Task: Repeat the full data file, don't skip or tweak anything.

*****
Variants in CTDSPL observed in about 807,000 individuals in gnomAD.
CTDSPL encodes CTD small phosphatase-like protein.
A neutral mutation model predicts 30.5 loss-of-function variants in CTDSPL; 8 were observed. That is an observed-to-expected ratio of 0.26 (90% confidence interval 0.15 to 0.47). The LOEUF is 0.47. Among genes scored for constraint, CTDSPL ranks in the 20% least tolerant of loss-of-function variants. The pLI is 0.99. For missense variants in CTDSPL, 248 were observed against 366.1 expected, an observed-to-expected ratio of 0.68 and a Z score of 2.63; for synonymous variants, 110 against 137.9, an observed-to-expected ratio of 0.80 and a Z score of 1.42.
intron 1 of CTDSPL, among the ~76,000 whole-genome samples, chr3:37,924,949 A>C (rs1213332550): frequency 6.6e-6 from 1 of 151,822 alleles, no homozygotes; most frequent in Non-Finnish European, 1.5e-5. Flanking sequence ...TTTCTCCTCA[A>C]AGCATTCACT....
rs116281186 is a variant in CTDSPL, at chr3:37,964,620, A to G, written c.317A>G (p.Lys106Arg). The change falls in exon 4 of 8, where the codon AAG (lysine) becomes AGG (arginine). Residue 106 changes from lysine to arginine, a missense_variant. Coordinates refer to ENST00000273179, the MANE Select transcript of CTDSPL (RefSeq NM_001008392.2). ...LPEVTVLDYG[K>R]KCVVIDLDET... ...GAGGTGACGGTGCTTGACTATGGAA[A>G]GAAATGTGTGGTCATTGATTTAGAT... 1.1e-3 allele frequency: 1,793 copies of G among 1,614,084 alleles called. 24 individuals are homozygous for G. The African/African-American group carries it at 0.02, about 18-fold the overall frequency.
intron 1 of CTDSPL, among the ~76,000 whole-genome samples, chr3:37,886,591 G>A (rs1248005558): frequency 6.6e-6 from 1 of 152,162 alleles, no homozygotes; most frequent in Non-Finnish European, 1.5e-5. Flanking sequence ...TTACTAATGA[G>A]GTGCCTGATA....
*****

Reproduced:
Variants in CTDSPL observed in about 807,000 individuals in gnomAD.
CTDSPL encodes CTD small phosphatase-like protein.
A neutral mutation model predicts 30.5 loss-of-function variants in CTDSPL; 8 were observed. That is an observed-to-expected ratio of 0.26 (90% confidence interval 0.15 to 0.47). The LOEUF is 0.47. Among genes scored for constraint, CTDSPL ranks in the 20% least tolerant of loss-of-function variants. The pLI is 0.99. For missense variants in CTDSPL, 248 were observed against 366.1 expected, an observed-to-expected ratio of 0.68 and a Z score of 2.63; for synonymous variants, 110 against 137.9, an observed-to-expected ratio of 0.80 and a Z score of 1.42.
intron 1 of CTDSPL, among the ~76,000 whole-genome samples, chr3:37,924,949 A>C (rs1213332550): frequency 6.6e-6 from 1 of 151,822 alleles, no homozygotes; most frequent in Non-Finnish European, 1.5e-5. Flanking sequence ...TTTCTCCTCA[A>C]AGCATTCACT....
rs116281186 is a variant in CTDSPL, at chr3:37,964,620, A to G, written c.317A>G (p.Lys106Arg). The change falls in exon 4 of 8, where the codon AAG (lysine) becomes AGG (arginine). Residue 106 changes from lysine to arginine, a missense_variant. Coordinates refer to ENST00000273179, the MANE Select transcript of CTDSPL (RefSeq NM_001008392.2). ...LPEVTVLDYG[K>R]KCVVIDLDET... ...GAGGTGACGGTGCTTGACTATGGAA[A>G]GAAATGTGTGGTCATTGATTTAGAT... 1.1e-3 allele frequency: 1,793 copies of G among 1,614,084 alleles called. 24 individuals are homozygous for G. The African/African-American group carries it at 0.02, about 18-fold the overall frequency.
intron 1 of CTDSPL, among the ~76,000 whole-genome samples, chr3:37,886,591 G>A (rs1248005558): frequency 6.6e-6 from 1 of 152,162 alleles, no homozygotes; most frequent in Non-Finnish European, 1.5e-5. Flanking sequence ...TTACTAATGA[G>A]GTGCCTGATA....